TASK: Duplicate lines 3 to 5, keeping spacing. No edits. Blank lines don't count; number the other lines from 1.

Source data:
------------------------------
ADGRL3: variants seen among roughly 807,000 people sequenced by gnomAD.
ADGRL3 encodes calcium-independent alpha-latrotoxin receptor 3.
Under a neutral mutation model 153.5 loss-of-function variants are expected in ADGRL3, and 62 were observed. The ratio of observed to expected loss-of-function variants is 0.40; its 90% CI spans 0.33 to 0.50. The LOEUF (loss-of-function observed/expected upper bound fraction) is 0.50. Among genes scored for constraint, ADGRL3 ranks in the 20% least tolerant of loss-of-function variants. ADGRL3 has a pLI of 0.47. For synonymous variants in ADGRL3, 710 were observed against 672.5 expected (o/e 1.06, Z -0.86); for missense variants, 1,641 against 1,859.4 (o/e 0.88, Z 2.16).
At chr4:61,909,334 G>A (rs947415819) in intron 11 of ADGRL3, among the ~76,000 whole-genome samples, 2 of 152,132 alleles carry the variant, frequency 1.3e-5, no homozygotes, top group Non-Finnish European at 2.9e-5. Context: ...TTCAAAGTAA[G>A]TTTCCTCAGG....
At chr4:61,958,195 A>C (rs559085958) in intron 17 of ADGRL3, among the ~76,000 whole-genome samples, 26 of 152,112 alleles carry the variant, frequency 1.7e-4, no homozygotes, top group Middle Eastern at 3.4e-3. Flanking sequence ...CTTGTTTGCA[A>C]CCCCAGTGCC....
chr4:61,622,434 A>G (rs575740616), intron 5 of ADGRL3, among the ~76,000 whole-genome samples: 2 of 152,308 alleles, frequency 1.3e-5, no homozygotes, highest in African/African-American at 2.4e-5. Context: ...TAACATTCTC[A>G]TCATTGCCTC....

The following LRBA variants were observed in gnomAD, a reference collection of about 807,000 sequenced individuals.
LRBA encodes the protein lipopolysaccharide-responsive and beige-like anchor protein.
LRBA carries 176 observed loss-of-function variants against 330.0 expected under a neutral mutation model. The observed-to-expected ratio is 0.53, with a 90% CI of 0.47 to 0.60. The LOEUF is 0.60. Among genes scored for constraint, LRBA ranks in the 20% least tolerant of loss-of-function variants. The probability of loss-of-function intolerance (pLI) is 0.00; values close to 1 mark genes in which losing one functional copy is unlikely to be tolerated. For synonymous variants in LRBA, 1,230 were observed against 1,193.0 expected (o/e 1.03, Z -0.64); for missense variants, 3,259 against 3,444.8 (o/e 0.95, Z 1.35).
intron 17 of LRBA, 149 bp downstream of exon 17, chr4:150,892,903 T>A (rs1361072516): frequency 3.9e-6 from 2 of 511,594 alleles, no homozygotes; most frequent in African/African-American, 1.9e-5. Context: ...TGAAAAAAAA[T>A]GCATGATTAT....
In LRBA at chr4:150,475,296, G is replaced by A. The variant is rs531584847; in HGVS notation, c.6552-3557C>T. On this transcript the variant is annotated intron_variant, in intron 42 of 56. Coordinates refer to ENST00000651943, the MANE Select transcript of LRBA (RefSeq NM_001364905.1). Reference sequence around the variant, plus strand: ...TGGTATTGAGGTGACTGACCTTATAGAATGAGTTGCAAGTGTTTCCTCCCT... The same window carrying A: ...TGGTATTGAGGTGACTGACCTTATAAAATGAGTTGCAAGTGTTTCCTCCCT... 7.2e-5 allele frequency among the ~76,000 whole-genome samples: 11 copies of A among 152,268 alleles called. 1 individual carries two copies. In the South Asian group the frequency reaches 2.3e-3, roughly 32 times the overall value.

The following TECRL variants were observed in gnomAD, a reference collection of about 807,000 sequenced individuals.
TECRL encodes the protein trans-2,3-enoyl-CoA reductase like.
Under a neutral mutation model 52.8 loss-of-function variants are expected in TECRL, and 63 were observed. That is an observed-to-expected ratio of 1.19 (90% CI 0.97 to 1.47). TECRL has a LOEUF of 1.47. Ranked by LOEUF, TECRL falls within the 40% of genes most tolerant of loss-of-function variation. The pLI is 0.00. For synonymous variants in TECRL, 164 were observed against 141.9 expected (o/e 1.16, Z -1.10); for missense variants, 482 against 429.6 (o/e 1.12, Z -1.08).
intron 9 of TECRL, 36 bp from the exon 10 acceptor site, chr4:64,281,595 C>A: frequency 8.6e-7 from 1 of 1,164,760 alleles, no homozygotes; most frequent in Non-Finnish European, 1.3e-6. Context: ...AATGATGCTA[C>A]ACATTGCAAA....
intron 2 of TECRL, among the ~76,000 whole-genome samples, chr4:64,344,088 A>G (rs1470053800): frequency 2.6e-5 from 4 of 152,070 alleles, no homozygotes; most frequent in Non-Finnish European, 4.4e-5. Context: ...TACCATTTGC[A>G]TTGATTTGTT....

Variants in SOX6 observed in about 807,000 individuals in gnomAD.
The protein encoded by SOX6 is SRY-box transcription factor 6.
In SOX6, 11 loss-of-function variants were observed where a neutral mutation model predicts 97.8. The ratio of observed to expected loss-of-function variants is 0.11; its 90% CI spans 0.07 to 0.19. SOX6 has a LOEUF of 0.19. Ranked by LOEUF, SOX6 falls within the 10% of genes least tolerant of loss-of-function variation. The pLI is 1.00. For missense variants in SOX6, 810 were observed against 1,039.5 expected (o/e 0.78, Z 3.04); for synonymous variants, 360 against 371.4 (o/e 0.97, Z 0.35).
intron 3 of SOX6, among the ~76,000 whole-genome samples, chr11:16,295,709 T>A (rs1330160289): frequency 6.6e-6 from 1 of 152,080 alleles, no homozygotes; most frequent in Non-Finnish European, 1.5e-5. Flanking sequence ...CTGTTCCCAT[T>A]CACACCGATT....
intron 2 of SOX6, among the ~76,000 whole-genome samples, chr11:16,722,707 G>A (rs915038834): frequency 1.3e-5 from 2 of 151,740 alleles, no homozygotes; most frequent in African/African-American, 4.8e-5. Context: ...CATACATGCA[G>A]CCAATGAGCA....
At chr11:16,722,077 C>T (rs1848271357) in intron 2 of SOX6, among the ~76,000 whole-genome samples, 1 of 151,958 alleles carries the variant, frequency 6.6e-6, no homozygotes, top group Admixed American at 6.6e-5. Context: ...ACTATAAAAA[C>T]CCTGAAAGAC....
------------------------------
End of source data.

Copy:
Under a neutral mutation model 153.5 loss-of-function variants are expected in ADGRL3, and 62 were observed. The ratio of observed to expected loss-of-function variants is 0.40; its 90% CI spans 0.33 to 0.50. The LOEUF (loss-of-function observed/expected upper bound fraction) is 0.50. Among genes scored for constraint, ADGRL3 ranks in the 20% least tolerant of loss-of-function variants. ADGRL3 has a pLI of 0.47. For synonymous variants in ADGRL3, 710 were observed against 672.5 expected (o/e 1.06, Z -0.86); for missense variants, 1,641 against 1,859.4 (o/e 0.88, Z 2.16).
At chr4:61,909,334 G>A (rs947415819) in intron 11 of ADGRL3, among the ~76,000 whole-genome samples, 2 of 152,132 alleles carry the variant, frequency 1.3e-5, no homozygotes, top group Non-Finnish European at 2.9e-5. Context: ...TTCAAAGTAA[G>A]TTTCCTCAGG....
At chr4:61,958,195 A>C (rs559085958) in intron 17 of ADGRL3, among the ~76,000 whole-genome samples, 26 of 152,112 alleles carry the variant, frequency 1.7e-4, no homozygotes, top group Middle Eastern at 3.4e-3. Flanking sequence ...CTTGTTTGCA[A>C]CCCCAGTGCC....